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Entire Cabinet self-isolating after Minister for Health feels unwell


The entire Cabinet has been told to self-isolate and the Dáil has been shut down following Minister for Health Stephen Donnelly saying he felt unwell this afternoon.

Mr Donnelly told colleagues he was feeling unwell on Tuesday afternoon and was advised to seek medical advice and take a test for Covid-19.

He had attended the full meeting of the Cabinet on Tuesday morning and also had appeared and spoke at the press conference at which the Government outlined its new Covid-19 plan.

All other members of the Cabinet, including Taoiseach Micheál Martin and Tánaiste Leo Varadkar, have been told to self-isolate as a result and as a precautionary measure, the Dáil has been shut down for the remainder of the day.

However, the move was news to at least some Cabinet members. The Minister for Justice Helen McEntee was told while being interviewed on RTÉ radio, while another Cabinet minister said that the move was “news to me”.

Minister for Transport Eamon Ryan was already isolating at home after a member of his household began to feel unwell.

Earlier, Labour leader Alan Kelly claimed there was an “inherent contradiction” in the Government’s new, five-level coronavirus plan launched on Tuesday, which he described as “Orwellian”.

The plan involves a scale of restrictions from Level 1 to Level 5, with Level 5 being the most severe.

The entire country is on Level 2, although Dublin has a number of extra conditions because of high numbers of coronavirus cases in the capital.

Speaking in the Dáil, Mr Kelly said there was now a situation “where we have Dublin at two and a bit, that they’re sort of getting a yellow card”.

“If they behave themselves in a short space of time,” they may get back to the same level as everyone else, he added.

But during testy exchanges, Mr Martin insisted the new roadmap was clear. The plan imposes additional restrictions in Dublin on home visits, indoor gatherings and care home visits, while so-called “wet pubs”, which do not serve food, will remain closed in the capital.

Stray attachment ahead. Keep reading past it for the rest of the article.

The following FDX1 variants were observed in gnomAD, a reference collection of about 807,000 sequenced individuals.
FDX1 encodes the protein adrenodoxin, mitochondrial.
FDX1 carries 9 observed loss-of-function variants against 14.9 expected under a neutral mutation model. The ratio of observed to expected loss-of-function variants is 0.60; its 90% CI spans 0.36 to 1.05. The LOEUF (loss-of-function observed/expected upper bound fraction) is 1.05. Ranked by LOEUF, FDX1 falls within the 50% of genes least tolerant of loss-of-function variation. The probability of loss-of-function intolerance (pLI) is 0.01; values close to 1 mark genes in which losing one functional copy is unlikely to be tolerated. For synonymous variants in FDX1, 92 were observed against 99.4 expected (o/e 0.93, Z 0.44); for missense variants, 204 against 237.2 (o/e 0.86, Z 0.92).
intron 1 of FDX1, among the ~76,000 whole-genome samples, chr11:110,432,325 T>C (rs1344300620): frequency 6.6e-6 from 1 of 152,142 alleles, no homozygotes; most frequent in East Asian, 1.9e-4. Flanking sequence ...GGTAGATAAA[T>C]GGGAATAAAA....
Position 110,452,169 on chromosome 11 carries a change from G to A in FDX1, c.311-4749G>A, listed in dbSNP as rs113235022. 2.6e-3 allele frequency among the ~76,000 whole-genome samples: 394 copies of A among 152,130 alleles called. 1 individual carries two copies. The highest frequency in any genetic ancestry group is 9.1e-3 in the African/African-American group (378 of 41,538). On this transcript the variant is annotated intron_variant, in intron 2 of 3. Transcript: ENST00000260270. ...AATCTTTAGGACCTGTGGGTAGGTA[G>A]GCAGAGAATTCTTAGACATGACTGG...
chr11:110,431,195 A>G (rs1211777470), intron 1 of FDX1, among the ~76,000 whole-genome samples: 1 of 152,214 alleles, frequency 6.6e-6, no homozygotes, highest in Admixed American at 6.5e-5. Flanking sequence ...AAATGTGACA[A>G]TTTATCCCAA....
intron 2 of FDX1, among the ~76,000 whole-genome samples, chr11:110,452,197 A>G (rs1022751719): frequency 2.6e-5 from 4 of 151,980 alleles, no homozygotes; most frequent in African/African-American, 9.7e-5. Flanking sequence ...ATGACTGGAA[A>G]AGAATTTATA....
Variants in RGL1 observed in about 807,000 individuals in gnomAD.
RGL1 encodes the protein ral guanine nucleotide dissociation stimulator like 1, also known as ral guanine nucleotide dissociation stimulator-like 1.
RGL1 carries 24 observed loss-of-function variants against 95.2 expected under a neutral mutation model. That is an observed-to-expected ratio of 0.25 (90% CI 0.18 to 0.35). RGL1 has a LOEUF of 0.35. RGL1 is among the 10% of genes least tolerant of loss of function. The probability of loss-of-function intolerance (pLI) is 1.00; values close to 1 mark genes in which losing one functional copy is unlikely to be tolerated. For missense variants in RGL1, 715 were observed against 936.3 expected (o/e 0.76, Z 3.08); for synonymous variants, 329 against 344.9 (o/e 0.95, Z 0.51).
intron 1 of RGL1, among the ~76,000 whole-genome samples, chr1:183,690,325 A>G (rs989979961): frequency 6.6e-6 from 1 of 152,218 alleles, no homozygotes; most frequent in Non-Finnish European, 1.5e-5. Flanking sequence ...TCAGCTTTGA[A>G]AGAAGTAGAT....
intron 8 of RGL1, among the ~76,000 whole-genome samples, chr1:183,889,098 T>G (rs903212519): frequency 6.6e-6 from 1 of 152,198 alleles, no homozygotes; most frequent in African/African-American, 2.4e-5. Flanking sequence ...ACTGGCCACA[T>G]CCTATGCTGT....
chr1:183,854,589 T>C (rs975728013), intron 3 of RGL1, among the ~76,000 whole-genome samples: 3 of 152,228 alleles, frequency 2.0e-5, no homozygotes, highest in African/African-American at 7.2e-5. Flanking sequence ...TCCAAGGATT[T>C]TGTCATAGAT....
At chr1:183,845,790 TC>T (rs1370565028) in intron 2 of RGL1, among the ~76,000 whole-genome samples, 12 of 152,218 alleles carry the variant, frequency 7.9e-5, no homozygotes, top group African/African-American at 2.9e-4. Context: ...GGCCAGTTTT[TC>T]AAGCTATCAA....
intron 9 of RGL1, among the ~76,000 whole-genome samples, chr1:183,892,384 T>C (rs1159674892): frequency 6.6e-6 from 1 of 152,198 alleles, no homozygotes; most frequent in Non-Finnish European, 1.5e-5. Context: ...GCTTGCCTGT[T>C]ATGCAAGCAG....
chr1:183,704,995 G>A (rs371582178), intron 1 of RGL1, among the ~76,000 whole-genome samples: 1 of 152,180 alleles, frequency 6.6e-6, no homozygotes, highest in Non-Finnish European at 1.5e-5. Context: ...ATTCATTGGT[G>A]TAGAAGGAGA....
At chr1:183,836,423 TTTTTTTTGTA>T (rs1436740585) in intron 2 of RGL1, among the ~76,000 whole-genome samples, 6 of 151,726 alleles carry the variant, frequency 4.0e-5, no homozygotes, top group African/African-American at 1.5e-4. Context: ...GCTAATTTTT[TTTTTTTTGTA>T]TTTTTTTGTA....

“There’s no such thing as 2.5. It simply does not exist,” Mr Martin said, adding that the only deviation from the advice of the National Public Health Emergency Team (NPHET) was on “wet” pubs and allowing 5,000 spectators at outdoor events.

He said the Government did not get advice from NPHET to move Dublin to Level Three. Ministers accepted its advice “in respect of Dublin today” and NPHET would meet again on Thursday and “could give other advices”.

During Leaders’ Questions following the launch of the roadmap, Sinn Féin leader Mary Lou McDonald accused the Taoiseach and his Government of “failing in your responsibilities” because, she said, a proper Covid-19 testing and tracing system was not in place months after it had been promised.

She accused Mr Martin of “making it up as you go along” and said that months after the Government pledged to do 100,000 tests a week this was still not in place, and it was “central” to dealing with Covid-19.

Ms McDonald said the plan was not worth the paper it was written on so long as full testing and tracing was not in place. She said that “of 59 pages, one of them addresses testing and tracing”, arguing it was the “most central part”.

She said “either you get testing and tracing right and you do it quickly or we will be consigned to a yo-yo effect of further restrictions and even lockdowns”.

When opposition TDs intervened as he was speaking Mr Martin told the Sinn Féin benches to “stop interrupting” and he accused Ms McDonald of being partisan.

Social Democrats leader Róisín Shortall said anyone seeking clarity about the five levels of risk in the roadmap would be “bitterly disappointed” as she accused the Government of effectively ignoring international travel and putting it on the long finger until the middle of October.

She also asked what the specific criteria were for counties moving from one level to another. Ms Shortall said that, on the first day of the announcement, the Government “starts talking about a two and a bit level”.

The Taoiseach said he agreed “ 100 per cent” about the centrality of testing tracing and insisted that was in the plan.

He said: “It’s not good enough to attack people as being woeful and trying to belittle the very strong measures that have been taken” on including the serial testing in nursing homes and meat plants.

Mr Kelly called on the Government to clarify whether Dublin was at Level Two or Level Three of the six-month plan, and he said it was a “glaring omission” that the document was not “elderly proofed” or proofed to avoid discriminating against people with disabilities or those who were vulnerable.

He and Ms Shortall called on the Taoiseach to clarify where the Government deviated from NPHET on its advice and Mr Martin said the only difference was in relation to wet pubs and the attendance at outdoor events including sports stadiums.

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